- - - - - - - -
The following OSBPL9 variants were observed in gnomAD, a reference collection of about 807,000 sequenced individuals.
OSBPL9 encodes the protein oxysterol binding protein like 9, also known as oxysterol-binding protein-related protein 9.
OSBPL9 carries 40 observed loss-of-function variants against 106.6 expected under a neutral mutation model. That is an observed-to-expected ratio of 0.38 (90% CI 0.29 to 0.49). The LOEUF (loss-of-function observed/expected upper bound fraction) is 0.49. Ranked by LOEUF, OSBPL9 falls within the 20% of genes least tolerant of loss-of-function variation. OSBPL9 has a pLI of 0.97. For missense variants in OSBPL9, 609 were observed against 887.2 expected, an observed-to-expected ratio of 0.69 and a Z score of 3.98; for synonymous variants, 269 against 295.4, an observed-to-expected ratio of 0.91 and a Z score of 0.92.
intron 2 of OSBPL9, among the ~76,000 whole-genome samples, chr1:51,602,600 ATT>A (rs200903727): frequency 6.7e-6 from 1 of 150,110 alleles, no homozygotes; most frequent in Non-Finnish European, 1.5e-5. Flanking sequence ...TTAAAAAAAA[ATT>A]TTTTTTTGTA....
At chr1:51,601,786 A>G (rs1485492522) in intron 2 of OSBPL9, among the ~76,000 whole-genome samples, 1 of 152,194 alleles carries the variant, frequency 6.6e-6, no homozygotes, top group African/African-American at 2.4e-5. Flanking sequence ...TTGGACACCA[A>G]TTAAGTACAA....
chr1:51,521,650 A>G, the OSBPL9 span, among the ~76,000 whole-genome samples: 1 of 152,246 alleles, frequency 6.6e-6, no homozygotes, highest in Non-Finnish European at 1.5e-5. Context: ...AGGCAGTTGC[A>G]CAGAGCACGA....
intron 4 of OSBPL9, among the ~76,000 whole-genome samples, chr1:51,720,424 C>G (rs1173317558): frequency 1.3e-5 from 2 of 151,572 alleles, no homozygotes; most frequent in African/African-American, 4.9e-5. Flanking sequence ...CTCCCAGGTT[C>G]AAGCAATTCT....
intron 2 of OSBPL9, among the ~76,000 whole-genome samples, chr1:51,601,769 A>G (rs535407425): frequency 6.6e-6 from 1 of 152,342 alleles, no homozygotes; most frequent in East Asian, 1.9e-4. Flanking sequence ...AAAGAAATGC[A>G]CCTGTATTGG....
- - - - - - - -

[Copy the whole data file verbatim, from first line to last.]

The following OSBPL9 variants were observed in gnomAD, a reference collection of about 807,000 sequenced individuals.
OSBPL9 encodes the protein oxysterol binding protein like 9, also known as oxysterol-binding protein-related protein 9.
OSBPL9 carries 40 observed loss-of-function variants against 106.6 expected under a neutral mutation model. That is an observed-to-expected ratio of 0.38 (90% CI 0.29 to 0.49). The LOEUF (loss-of-function observed/expected upper bound fraction) is 0.49. Ranked by LOEUF, OSBPL9 falls within the 20% of genes least tolerant of loss-of-function variation. OSBPL9 has a pLI of 0.97. For missense variants in OSBPL9, 609 were observed against 887.2 expected, an observed-to-expected ratio of 0.69 and a Z score of 3.98; for synonymous variants, 269 against 295.4, an observed-to-expected ratio of 0.91 and a Z score of 0.92.
intron 2 of OSBPL9, among the ~76,000 whole-genome samples, chr1:51,602,600 ATT>A (rs200903727): frequency 6.7e-6 from 1 of 150,110 alleles, no homozygotes; most frequent in Non-Finnish European, 1.5e-5. Flanking sequence ...TTAAAAAAAA[ATT>A]TTTTTTTGTA....
At chr1:51,601,786 A>G (rs1485492522) in intron 2 of OSBPL9, among the ~76,000 whole-genome samples, 1 of 152,194 alleles carries the variant, frequency 6.6e-6, no homozygotes, top group African/African-American at 2.4e-5. Flanking sequence ...TTGGACACCA[A>G]TTAAGTACAA....
chr1:51,521,650 A>G, the OSBPL9 span, among the ~76,000 whole-genome samples: 1 of 152,246 alleles, frequency 6.6e-6, no homozygotes, highest in Non-Finnish European at 1.5e-5. Context: ...AGGCAGTTGC[A>G]CAGAGCACGA....
intron 4 of OSBPL9, among the ~76,000 whole-genome samples, chr1:51,720,424 C>G (rs1173317558): frequency 1.3e-5 from 2 of 151,572 alleles, no homozygotes; most frequent in African/African-American, 4.9e-5. Flanking sequence ...CTCCCAGGTT[C>G]AAGCAATTCT....
intron 2 of OSBPL9, among the ~76,000 whole-genome samples, chr1:51,601,769 A>G (rs535407425): frequency 6.6e-6 from 1 of 152,342 alleles, no homozygotes; most frequent in East Asian, 1.9e-4. Flanking sequence ...AAAGAAATGC[A>G]CCTGTATTGG....